An order for security for costs is a discretionary remedy and the court has the power to deny it where granting the order would impede the plaintiff’s access to justice and a determination of the plaintiff’s case on the merits.

May 13, 2015 | Presentation

Record Keeping and Accounting by Estate Trustees, Attorneys and Guardians of Property

Estate Trustees are fiduciaries and must act in the best interests of the beneficiaries of the estate. Estate Trustees have a common law duty to maintain accounts of what they have done with the trust property.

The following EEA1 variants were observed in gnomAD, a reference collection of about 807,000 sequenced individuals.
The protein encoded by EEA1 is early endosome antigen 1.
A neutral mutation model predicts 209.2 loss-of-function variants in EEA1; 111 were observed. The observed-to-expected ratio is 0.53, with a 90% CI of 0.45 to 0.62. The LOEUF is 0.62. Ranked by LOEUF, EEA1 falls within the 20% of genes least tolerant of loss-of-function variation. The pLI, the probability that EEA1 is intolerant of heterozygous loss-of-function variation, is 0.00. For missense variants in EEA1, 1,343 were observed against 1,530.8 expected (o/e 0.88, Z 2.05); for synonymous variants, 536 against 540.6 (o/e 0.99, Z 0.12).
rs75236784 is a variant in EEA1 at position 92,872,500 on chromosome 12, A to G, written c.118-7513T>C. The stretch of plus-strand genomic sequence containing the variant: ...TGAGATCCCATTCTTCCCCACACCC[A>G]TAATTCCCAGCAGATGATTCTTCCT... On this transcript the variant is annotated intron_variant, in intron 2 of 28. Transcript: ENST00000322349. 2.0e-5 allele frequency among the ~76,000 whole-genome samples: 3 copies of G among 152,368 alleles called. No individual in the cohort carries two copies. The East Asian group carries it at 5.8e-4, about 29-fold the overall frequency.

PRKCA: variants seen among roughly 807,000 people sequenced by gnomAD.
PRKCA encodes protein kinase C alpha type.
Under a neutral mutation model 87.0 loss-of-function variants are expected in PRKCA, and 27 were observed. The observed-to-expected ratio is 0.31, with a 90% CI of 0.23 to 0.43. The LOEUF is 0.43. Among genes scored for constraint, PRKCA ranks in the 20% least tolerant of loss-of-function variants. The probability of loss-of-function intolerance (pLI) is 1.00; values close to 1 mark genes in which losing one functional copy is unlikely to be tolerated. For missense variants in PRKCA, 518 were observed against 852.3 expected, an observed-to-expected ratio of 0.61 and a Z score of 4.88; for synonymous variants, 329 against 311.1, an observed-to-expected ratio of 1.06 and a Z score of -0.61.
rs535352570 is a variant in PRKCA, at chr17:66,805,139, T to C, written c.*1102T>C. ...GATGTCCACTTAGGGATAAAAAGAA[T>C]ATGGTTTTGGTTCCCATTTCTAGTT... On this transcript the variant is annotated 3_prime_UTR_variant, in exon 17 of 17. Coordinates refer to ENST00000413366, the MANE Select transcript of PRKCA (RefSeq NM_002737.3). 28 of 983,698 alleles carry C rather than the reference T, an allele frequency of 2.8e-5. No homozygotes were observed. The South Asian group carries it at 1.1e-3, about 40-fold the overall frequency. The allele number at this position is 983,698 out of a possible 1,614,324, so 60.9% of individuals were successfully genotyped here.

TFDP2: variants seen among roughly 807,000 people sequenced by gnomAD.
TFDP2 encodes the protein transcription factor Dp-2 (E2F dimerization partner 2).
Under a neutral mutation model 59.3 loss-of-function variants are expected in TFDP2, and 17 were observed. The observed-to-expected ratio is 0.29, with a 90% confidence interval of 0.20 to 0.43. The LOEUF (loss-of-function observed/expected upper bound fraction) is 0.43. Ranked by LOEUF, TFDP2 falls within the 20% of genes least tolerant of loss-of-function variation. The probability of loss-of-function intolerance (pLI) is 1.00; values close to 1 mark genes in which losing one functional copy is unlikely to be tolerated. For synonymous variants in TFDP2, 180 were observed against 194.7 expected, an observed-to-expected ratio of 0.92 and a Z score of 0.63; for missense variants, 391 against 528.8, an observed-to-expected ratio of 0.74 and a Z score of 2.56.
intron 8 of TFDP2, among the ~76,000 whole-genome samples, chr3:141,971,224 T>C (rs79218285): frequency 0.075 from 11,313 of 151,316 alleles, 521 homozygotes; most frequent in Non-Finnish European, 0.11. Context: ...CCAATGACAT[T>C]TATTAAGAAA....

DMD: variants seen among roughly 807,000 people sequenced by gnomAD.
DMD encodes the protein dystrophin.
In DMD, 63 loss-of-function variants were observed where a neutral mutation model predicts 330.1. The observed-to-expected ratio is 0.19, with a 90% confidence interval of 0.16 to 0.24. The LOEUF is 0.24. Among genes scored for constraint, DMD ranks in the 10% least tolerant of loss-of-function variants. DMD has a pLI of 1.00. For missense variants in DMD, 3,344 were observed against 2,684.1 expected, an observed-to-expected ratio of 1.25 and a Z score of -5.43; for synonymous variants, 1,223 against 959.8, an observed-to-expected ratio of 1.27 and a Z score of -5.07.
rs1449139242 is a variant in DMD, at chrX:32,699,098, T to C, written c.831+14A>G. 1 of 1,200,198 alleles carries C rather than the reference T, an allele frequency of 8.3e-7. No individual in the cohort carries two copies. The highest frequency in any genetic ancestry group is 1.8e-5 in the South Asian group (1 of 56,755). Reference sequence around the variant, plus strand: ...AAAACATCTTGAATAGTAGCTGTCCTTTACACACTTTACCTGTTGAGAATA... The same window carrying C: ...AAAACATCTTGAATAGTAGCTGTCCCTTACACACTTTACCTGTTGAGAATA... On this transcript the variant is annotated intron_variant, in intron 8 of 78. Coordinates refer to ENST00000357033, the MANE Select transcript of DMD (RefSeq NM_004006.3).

The Trustee is obliged to provide a complete set of accounts, a true and perfect accounting at all times. 

While the formal rule is that Estate Trustees have a duty to constantly be ready to account, in practice, it is not always practical to produce accounts on the spot. Timing of the delivery will depend on the circumstances and should be governed by common sense. Although Estate Trustees are usually given one year to administer an estate of average complexity, an Estate Trustee would be wise to be ready to account before the “executor year” expires.